To Accelerate Education or Not?
When I was in kindergarten, I remember my parents whispering in the kitchen at night shortly after the start of the school year. I remember hearing my name and the name of the teacher and thinking that I was in trouble. I snuck off quietly so as not to attract the attention of my parents. The next day, I overheard my father tell my grandmother that the school wanted to have me skip ahead at school. My grandmother reacted immediately, asking aghast if my parents were actually considering it. My father quickly responded that they were not considering it; they believed it would have been harmful to me and would have made me "different" from my peers.
The irony of my story is that I was "different" from my peers throughout my entire educational career. I was bored, often disengaged, and I looked constantly for other ways to learn. My parents thought this was odd as well. I remember being only seven years old and borrowing a cassette tape of Spanish from the public library and listening to it at night while I slept, because I had read that you could learn while you slept. When I was 12, I remember walking over a mile each way to the public library to get a stack of books on a variety of topics including books on WWII and archeology, along with a detailed book on paleontology. This type of behavior was completely normal for me, but notably different from my peers.
While I was not accelerated during grade school, I sought out my own ways to accelerate myself as I got older. In high school, I took time off of high school to go to school in France my junior year to learn French. Not a formal exchange program, I did not receive credit for this time, but still graduated with my class due to my acceleration of other classes, including taking college classes in high school. I graduated undergrad with two BA degrees in five semesters. I completed a doctoral program in 4 years (typically a 5-7 year program) while also working full time with two small children.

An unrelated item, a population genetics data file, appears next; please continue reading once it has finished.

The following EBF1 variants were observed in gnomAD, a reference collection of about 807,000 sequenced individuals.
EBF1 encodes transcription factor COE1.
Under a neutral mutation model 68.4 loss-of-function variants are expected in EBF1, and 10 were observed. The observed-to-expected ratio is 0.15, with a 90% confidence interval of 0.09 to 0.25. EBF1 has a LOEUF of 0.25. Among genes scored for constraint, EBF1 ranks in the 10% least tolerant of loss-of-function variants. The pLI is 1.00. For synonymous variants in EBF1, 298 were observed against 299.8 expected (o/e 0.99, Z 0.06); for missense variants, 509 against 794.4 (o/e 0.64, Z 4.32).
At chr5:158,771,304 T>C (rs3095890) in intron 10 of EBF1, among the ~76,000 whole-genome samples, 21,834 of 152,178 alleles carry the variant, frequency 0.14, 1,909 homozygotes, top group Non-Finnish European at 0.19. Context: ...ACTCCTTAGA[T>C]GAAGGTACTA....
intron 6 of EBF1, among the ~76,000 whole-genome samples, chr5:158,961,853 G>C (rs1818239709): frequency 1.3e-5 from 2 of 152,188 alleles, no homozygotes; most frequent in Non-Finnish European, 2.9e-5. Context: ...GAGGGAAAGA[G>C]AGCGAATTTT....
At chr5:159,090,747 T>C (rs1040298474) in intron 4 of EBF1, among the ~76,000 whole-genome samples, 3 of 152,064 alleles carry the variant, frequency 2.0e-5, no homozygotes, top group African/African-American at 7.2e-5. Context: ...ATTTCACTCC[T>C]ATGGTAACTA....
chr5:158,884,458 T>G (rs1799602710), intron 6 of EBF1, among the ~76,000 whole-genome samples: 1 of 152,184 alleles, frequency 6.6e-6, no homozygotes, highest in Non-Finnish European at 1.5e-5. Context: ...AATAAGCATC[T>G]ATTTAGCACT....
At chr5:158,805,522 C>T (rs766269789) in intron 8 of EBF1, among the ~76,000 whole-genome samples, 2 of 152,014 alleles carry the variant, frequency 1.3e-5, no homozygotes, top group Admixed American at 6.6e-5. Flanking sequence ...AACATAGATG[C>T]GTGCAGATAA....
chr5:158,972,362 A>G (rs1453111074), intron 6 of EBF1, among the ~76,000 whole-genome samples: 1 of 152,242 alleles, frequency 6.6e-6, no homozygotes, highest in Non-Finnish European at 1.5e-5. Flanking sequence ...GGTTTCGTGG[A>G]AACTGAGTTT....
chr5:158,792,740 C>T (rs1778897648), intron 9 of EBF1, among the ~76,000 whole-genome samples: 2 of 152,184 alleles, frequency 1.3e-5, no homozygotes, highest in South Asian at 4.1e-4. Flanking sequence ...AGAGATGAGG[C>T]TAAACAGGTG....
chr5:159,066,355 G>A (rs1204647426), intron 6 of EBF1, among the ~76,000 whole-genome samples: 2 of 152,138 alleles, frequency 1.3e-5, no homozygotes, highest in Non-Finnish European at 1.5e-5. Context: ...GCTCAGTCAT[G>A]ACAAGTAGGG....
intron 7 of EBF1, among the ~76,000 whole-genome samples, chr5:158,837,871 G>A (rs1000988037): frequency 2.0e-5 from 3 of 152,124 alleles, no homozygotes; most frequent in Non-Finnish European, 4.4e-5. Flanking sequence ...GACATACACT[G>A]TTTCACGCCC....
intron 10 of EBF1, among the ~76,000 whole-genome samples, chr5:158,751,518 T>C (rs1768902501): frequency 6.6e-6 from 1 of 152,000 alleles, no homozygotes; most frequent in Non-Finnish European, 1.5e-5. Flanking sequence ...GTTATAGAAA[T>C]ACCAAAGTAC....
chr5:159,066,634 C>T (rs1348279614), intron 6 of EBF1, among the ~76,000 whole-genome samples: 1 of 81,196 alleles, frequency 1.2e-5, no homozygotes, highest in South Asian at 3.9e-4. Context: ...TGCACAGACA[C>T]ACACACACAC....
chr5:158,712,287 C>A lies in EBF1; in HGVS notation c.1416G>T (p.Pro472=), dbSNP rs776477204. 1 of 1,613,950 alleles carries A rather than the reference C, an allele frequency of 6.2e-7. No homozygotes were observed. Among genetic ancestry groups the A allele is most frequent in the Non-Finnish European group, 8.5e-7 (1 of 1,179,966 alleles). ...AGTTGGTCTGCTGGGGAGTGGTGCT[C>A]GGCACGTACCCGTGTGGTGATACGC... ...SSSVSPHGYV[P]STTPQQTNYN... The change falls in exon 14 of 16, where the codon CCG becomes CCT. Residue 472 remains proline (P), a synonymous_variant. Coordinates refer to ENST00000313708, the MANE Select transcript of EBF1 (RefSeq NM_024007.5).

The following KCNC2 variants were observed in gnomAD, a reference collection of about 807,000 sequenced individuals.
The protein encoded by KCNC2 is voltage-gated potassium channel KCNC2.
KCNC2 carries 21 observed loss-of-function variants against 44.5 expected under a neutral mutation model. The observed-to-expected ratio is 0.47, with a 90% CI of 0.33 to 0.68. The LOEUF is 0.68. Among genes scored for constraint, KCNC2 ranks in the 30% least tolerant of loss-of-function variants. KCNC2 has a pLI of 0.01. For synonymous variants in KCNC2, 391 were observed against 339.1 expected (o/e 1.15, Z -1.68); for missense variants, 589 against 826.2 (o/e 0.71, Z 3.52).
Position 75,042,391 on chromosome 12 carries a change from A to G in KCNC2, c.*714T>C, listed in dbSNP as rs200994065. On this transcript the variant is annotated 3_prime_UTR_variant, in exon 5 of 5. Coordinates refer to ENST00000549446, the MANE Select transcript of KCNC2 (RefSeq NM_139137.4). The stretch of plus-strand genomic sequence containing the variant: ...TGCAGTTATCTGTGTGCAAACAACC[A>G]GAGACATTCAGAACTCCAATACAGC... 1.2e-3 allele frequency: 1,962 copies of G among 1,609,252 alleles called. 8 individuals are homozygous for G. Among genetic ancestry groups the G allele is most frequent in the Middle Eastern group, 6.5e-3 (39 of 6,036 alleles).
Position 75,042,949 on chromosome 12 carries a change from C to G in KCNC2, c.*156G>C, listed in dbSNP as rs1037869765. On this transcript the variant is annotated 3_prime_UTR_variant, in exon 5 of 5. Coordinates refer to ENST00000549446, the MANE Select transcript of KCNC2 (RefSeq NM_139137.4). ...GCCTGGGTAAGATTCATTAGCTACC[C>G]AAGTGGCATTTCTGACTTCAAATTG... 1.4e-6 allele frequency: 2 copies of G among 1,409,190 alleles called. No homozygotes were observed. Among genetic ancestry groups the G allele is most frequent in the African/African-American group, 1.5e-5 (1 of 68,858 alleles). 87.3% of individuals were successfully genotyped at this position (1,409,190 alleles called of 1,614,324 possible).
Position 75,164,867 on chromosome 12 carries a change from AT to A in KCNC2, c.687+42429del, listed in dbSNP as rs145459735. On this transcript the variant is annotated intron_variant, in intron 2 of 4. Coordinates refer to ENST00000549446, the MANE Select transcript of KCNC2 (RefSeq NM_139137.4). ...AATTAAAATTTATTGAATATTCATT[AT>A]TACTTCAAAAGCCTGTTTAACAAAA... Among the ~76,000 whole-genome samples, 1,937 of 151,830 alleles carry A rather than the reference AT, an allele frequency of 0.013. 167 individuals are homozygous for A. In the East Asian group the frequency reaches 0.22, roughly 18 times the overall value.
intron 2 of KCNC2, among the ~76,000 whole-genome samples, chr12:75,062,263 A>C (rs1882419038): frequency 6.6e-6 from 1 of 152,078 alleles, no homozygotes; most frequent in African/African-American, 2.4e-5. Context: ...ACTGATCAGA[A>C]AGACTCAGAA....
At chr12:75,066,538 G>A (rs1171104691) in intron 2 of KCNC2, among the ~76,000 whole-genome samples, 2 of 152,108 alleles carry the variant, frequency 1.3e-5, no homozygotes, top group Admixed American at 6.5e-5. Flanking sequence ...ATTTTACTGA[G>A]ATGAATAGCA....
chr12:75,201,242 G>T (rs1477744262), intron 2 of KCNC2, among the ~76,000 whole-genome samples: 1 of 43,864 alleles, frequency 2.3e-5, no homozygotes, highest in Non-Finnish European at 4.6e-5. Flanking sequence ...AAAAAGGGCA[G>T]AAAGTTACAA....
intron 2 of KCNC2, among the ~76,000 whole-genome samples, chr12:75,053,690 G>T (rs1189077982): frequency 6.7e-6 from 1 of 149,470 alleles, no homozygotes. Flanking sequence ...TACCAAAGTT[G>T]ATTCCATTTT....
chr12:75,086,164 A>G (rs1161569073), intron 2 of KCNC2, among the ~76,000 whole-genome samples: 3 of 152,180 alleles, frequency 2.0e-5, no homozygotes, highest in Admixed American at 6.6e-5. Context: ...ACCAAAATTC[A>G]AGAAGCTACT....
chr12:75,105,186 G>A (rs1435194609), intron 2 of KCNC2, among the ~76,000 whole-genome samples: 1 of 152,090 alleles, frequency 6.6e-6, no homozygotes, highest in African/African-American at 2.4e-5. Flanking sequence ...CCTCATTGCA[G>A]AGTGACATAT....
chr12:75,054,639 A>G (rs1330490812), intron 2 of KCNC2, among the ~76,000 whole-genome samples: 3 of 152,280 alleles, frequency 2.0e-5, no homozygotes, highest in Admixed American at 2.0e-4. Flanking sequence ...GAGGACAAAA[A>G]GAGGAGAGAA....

My own experiences have led me to wonder whether acceleration is the appropriate option. I've wondered secretly whether there are parents pushing this in the latest race for their child to get ahead instead of based on the best interest of the child. However, looking back at my own experiences, I think I would have benefitted from acceleration much earlier.
The latest research continues to support that acceleration is an effective way to meet the needs of gifted children, despite adult concerns for the child's psychological health. A new study published in 2020 looked a three different groups of people who were accelerated 35 years earlier. It found no cause for concern with acceleration and found these gifted youth were thriving psychologically at or above the levels of their same-aged peers.
Ultimately, I suspect that this topic will continue to be of interest and debate for some time. In reality, I am certain that the best interest of each individual child will vary based on that individual child. However, I am happy to see research that encourages reflection on this!
Research: Bernstein, B. O., Lubinski, D., & Benbow, C. P. (2020). Academic acceleration in gifted youth and fruitless concerns regarding psychological well-being: A 35-year longitudinal study. Journal of Educational Psychology. Advance online publication. https://doi.org/10.1037/edu0000500